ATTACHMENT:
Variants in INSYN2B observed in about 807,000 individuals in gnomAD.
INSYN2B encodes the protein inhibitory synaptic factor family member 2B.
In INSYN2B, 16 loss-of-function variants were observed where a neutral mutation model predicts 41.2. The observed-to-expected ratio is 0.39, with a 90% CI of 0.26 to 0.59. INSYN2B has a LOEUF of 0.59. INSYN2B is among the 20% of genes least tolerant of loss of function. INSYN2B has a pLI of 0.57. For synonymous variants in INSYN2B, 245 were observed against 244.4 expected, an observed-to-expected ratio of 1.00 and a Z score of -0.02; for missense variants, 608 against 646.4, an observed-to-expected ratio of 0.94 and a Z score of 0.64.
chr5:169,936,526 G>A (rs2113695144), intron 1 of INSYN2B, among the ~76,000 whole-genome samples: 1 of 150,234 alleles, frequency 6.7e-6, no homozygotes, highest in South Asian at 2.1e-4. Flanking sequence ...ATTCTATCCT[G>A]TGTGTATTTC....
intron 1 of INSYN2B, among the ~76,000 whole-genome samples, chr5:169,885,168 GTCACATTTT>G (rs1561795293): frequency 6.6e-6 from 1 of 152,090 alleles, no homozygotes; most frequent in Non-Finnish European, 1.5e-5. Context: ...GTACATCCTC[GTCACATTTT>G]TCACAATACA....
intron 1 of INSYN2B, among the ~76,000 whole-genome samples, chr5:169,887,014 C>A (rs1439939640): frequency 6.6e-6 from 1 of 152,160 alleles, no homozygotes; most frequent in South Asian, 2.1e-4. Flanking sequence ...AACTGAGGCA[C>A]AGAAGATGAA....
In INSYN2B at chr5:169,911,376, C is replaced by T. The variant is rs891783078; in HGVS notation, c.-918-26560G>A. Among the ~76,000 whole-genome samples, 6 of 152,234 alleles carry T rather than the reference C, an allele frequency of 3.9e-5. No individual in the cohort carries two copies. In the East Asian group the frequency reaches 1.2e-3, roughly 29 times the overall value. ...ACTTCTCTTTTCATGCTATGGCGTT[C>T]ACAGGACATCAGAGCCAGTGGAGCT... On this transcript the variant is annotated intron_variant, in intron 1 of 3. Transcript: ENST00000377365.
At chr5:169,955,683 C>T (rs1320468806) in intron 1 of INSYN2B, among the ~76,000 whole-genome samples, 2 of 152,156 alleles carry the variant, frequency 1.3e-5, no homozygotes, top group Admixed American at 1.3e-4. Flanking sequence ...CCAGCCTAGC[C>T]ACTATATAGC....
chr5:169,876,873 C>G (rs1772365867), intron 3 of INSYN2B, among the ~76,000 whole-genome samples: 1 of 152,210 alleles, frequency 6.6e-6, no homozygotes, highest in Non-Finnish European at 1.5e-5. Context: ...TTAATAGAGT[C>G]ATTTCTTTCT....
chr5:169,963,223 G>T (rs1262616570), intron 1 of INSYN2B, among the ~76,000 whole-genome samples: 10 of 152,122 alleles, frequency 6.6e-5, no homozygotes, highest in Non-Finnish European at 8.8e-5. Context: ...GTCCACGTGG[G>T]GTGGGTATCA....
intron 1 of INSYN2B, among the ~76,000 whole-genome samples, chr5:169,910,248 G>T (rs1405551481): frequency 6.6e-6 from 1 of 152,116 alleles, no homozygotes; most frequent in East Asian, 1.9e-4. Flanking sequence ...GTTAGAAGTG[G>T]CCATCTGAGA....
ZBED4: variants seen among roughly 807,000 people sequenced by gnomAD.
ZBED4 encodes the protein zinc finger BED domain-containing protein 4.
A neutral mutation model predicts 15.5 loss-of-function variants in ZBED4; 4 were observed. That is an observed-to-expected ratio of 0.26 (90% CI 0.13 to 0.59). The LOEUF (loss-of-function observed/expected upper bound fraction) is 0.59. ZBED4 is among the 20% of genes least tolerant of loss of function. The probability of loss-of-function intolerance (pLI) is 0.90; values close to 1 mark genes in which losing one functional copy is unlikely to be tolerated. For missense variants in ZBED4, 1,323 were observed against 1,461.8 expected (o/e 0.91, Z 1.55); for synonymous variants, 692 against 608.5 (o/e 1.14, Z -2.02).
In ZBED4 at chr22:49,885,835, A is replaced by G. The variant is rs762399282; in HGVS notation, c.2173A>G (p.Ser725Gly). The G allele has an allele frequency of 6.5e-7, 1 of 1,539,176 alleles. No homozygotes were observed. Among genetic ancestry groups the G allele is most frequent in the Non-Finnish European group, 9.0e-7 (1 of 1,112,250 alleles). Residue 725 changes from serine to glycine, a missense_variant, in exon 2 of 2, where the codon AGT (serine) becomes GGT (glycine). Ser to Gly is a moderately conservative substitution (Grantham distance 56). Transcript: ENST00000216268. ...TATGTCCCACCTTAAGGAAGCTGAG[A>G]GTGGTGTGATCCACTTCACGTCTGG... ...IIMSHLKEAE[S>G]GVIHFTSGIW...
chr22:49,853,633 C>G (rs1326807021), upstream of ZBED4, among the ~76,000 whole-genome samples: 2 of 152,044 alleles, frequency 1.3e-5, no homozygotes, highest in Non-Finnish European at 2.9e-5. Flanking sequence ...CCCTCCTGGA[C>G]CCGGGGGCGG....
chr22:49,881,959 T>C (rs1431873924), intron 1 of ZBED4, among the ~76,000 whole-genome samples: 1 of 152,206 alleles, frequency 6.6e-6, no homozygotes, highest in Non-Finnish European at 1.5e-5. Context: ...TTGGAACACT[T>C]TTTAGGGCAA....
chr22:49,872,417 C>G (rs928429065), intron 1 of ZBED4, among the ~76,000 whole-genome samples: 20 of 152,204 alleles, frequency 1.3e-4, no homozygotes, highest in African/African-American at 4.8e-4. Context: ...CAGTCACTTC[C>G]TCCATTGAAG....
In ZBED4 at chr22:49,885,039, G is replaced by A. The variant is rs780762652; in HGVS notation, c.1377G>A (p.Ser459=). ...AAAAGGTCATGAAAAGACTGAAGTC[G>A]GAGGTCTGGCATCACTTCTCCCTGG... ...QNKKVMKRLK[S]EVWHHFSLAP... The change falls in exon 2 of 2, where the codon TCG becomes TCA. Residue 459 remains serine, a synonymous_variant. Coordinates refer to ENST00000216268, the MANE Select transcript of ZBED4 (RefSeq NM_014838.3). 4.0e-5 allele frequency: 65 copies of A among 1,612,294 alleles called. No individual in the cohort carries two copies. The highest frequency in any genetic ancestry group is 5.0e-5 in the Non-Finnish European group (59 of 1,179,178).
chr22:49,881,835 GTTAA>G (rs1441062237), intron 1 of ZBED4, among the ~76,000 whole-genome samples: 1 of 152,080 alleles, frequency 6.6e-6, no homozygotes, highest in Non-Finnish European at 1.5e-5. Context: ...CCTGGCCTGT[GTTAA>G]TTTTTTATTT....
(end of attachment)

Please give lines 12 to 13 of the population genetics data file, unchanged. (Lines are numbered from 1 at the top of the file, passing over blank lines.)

ZBED4: variants seen among roughly 807,000 people sequenced by gnomAD.
ZBED4 encodes the protein zinc finger BED domain-containing protein 4.